The NHL Winter Classic is an annual event held by the National Hockey League (NHL) on or around New Year's Day in which a regular-season ice hockey game is played outdoors )generally in a football or baseball stadium) in an area with a resident NHL team.
The first Winter Classic was held in 2008 at the Ralph Wilson Stadium in Orchard Park, New York, between the Buffalo Sabres and Pittsburgh Penguins.
A total of eight have been held, the most recent one taking place in 2016 between the Montreal Canadiens and the Boston Bruins.
After the success of the 2003 NHL Heritage Classic, the NHL's first regular season outdoor game, the league inaugurated the Winter Classic in 2008.
It eventually caught on as an annual tradition for the league, suspending only in 2013 due to the 2012–13 NHL lockout.
The 2014 game between the Toronto Maple Leafs and the Detroit Red Wings set a new NHL attendance record of 105,491.
The Winter Classic has been contested only in the United States while the Heritage Classic has been held exclusively in Canada.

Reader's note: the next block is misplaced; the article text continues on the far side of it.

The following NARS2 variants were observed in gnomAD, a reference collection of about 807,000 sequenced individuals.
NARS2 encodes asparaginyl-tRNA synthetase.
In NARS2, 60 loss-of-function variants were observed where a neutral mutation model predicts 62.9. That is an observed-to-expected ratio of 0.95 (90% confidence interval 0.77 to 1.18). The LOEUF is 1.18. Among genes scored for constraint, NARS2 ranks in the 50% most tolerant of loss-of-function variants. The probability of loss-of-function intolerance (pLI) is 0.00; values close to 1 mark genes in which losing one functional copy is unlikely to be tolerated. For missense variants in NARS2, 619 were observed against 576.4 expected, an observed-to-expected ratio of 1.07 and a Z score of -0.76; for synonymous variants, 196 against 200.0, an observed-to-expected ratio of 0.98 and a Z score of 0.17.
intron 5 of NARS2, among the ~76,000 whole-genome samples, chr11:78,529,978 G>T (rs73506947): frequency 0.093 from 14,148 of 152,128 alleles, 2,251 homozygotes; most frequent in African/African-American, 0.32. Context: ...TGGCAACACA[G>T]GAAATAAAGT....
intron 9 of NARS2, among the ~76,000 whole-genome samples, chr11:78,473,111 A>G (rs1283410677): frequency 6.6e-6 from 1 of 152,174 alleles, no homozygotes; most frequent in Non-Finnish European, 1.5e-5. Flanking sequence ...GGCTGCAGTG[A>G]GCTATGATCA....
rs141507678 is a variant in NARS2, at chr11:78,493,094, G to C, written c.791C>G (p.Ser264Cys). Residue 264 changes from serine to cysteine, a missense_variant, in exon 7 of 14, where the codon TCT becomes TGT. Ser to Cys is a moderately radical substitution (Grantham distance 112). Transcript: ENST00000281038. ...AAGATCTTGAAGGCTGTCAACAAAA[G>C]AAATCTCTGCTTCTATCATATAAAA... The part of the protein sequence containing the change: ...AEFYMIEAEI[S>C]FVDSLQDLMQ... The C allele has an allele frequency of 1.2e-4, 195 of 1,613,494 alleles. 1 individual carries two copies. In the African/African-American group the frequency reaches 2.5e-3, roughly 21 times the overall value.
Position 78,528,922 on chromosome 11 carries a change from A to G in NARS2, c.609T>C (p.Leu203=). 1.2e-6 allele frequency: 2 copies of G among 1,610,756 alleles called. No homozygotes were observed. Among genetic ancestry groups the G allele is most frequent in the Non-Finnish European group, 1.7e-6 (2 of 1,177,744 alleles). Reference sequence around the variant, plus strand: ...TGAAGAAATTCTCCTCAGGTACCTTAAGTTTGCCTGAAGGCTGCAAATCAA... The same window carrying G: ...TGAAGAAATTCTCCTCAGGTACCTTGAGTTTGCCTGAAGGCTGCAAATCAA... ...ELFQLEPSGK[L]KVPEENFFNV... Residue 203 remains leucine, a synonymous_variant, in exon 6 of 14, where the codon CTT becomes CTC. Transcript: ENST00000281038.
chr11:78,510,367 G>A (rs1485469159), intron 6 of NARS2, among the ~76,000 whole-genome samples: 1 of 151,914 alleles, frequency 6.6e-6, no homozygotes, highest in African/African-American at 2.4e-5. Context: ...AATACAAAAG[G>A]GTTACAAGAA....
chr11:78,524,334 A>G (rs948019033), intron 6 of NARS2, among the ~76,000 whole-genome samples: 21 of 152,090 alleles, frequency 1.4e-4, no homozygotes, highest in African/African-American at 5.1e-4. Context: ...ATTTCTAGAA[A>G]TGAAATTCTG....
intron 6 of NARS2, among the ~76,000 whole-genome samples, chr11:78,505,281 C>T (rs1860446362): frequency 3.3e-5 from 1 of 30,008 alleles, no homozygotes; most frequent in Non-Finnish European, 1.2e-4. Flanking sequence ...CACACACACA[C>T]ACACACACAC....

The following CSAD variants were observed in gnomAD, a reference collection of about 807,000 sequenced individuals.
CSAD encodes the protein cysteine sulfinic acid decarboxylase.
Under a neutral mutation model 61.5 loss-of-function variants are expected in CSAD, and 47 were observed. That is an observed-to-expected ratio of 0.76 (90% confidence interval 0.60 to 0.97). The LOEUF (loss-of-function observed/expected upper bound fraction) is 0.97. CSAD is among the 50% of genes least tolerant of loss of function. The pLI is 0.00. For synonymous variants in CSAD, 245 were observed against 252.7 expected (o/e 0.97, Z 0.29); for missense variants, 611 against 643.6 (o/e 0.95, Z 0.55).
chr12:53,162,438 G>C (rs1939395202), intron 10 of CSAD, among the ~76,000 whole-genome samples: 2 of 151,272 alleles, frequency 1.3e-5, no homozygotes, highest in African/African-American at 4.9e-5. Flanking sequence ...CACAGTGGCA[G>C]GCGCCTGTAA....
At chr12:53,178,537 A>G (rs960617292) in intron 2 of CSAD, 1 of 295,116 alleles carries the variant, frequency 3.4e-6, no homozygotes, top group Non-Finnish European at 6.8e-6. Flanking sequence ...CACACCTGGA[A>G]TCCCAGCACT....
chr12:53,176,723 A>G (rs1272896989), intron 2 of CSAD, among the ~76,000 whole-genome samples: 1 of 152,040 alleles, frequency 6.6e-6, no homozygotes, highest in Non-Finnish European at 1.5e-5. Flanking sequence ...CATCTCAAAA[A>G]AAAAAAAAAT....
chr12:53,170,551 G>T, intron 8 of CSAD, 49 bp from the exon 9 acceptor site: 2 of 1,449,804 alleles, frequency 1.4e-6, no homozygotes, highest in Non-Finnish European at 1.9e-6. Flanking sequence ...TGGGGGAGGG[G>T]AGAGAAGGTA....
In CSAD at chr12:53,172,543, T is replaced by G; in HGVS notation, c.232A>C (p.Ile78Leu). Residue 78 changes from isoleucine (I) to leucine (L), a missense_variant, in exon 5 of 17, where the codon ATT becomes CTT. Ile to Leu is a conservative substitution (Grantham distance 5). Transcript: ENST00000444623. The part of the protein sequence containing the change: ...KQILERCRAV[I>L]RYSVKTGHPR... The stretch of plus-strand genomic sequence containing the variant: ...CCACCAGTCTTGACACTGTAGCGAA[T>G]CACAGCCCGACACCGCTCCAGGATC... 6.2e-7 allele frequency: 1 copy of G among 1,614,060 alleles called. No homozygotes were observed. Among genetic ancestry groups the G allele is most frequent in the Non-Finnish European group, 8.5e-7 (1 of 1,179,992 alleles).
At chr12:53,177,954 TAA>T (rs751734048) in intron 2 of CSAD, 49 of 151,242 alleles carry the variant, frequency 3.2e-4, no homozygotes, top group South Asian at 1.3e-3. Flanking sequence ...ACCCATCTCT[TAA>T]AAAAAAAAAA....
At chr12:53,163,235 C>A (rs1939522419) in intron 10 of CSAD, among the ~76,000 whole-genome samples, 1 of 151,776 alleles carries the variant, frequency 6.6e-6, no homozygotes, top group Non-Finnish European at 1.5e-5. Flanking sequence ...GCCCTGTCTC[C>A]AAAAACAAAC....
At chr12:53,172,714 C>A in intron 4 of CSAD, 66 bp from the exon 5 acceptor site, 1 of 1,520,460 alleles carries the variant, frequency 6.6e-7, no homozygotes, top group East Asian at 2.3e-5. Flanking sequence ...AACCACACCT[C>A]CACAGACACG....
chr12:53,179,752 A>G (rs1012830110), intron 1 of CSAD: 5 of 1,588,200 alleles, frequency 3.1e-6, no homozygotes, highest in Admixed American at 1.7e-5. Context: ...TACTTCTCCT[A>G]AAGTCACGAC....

The Winter Classic featured only American teams for its first five games, until the Leafs' appearance in 2014.
Along with the NHL All-Star Game, the Winter Classic is considered one of the NHL's premier events; with matchups generally booked to showcase the league's most popular teams and players, the event garners the league its highest attendance and among its highest television ratings.
The event is typically promoted as a return to the sport's outdoor roots, meant to evoke memories of pond hockey. Its popularity has led to the scheduling of additional outdoor hockey games, both in the NHL and other leagues worldwide.
In May of 2014, the SportsBusiness Journal and SportsBusiness Daily named the Winter Classic its "Sports Event of the Year," making it the second time in five years the Classic has won that distinction.